Representative Wayne asked Mr. Arnold if he had any suggestions to resolve counties’ revenue situation. Mr. Arnold stated that there needs to be tax reform on the state and local level. He said counties need to look for alternative sources of funding, and they need to be able to raise the cap on the occupational license tax in counties over 30,000 in population. Mr. Arnold noted that these counties do not have the opportunity to raise it themselves. He said it only affects about 40 counties because the other counties are under 30,000 in population. Mr. Arnold pointed out that only about ten percent of the revenue from property taxes goes to counties, that it mostly goes to schools. He stated that HB 44 also limits their ability to raise taxes.
Senator Robinson stated that counties can raise their property taxes above four percent but it must be approved by referendum. He noted that many counties are not taking advantage of HB 44.
Mr. Arnold stated that another issue KACo is concerned about is the cost for county jails due to their housing of state prisoners until sentencing, which is costly counties.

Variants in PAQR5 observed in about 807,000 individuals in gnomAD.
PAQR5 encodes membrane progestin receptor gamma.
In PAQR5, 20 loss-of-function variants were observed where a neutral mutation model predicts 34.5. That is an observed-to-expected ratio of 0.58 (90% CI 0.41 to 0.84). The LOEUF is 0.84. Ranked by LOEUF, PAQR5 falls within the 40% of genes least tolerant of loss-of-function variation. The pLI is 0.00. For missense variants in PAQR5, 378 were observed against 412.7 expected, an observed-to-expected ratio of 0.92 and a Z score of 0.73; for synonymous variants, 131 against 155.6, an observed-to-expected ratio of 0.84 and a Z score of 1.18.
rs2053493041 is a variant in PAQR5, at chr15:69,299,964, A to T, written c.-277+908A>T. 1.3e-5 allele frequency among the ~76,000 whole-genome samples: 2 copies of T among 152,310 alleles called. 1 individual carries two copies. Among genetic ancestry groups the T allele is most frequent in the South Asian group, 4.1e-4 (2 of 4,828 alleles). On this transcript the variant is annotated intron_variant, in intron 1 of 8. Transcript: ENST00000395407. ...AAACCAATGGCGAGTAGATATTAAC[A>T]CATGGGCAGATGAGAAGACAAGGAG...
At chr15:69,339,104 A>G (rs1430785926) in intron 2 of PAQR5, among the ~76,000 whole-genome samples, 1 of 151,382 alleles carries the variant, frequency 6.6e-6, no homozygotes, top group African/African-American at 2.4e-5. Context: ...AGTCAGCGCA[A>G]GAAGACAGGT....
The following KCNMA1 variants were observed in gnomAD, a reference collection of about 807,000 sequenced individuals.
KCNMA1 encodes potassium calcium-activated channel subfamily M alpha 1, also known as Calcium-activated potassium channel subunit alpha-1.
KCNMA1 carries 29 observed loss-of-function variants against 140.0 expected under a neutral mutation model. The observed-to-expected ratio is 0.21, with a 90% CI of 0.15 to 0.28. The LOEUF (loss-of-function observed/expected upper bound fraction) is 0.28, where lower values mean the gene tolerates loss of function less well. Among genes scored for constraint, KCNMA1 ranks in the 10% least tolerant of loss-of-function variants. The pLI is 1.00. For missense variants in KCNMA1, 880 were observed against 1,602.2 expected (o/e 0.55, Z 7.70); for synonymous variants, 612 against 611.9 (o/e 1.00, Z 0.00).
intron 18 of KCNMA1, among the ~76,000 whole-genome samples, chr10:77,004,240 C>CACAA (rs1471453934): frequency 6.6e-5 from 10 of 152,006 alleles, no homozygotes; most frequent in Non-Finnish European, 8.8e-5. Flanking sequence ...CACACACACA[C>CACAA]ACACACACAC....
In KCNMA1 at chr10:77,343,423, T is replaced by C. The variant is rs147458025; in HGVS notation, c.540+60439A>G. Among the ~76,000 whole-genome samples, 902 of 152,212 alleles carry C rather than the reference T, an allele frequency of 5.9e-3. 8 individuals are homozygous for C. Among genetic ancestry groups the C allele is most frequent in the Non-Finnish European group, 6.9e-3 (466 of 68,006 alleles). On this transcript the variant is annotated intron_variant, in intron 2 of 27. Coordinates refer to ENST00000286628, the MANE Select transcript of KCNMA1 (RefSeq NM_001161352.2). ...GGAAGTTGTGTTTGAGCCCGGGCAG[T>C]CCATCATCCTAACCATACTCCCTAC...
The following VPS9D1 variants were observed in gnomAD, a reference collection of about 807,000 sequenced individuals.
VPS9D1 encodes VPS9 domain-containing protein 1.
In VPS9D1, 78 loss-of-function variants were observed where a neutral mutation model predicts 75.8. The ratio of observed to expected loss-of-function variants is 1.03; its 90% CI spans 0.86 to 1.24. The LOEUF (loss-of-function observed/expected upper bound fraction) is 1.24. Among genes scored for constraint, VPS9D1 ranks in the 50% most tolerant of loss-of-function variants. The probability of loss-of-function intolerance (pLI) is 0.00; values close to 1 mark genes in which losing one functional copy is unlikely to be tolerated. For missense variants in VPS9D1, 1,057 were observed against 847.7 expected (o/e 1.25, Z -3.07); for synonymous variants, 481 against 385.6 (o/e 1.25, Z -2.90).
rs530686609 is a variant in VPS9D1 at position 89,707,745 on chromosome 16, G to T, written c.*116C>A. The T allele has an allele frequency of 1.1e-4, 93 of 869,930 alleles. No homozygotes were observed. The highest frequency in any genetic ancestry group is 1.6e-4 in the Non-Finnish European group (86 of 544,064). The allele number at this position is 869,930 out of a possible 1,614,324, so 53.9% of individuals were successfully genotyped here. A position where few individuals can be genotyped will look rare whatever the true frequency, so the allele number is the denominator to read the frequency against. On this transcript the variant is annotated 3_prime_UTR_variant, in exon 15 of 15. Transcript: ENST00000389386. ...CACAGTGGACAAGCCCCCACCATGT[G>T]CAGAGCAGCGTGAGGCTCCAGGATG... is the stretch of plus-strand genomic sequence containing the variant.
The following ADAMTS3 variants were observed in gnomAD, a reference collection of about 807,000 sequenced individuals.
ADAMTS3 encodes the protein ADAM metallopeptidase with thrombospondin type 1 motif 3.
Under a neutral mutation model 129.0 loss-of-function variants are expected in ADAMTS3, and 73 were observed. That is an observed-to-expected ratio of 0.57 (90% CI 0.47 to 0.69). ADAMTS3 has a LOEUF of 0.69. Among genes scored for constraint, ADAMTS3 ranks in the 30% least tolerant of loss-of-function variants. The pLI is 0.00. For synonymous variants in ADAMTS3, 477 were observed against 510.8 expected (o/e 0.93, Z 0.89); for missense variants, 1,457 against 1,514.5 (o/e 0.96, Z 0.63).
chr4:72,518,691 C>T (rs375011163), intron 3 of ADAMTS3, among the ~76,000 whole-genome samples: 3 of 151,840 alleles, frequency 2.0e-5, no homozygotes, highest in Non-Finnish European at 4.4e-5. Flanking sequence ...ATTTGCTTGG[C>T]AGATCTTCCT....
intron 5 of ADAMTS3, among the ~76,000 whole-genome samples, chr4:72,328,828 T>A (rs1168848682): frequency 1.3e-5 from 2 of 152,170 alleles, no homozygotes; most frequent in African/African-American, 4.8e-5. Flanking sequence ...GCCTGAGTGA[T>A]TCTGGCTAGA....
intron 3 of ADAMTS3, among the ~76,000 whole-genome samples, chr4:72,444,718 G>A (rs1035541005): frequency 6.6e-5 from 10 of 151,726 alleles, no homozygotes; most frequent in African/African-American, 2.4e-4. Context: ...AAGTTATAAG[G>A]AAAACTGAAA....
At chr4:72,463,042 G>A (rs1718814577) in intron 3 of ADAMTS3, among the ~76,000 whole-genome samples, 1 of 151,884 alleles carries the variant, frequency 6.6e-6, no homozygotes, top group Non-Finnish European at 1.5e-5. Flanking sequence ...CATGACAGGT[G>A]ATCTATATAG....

Mr. Arnold also mentioned that if the issue of gaming comes up during the next session, local governments should be included in any of these discussions or any proposed legislation.
Mr. Arnold stated that the main issue of concern for KACo this session is health care for county employees and health insurance fairness for local governments. He said city and county employees that are in CERS and do not participate in the state retirement health insurance, do go into the state health insurance plan upon retirement (when older and less healthy). Mr. Arnold noted that over half of the retirees are school board employees with lower salaries. He also stated that hazardous duty retirement requirements need to be looked at because it has been abused. Mr. Arnold stated not just one part, but the entire issue of health insurance for local government employees needs to be reviewed.
Senator Robinson next introduced Mr. Joe Ewalt, with the Kentucky League of Cities (KLC). Mr. Ewalt told the Committee that KLC shares KACo’s concerns. He stated that the proposed mandate calls for all local government employees to be put into the state health insurance program. Mr. Ewalt noted that non-certified school employees were also included in this particular insurance “pool.” He also noted that local governments are paying a large subsidy to pay for these school employees ($47,000) which traditionally have lower salaries and greater medical expenses. This in turn will cause higher costs and reduced benefits for everyone in the “pool.” He said we need to proceed with caution.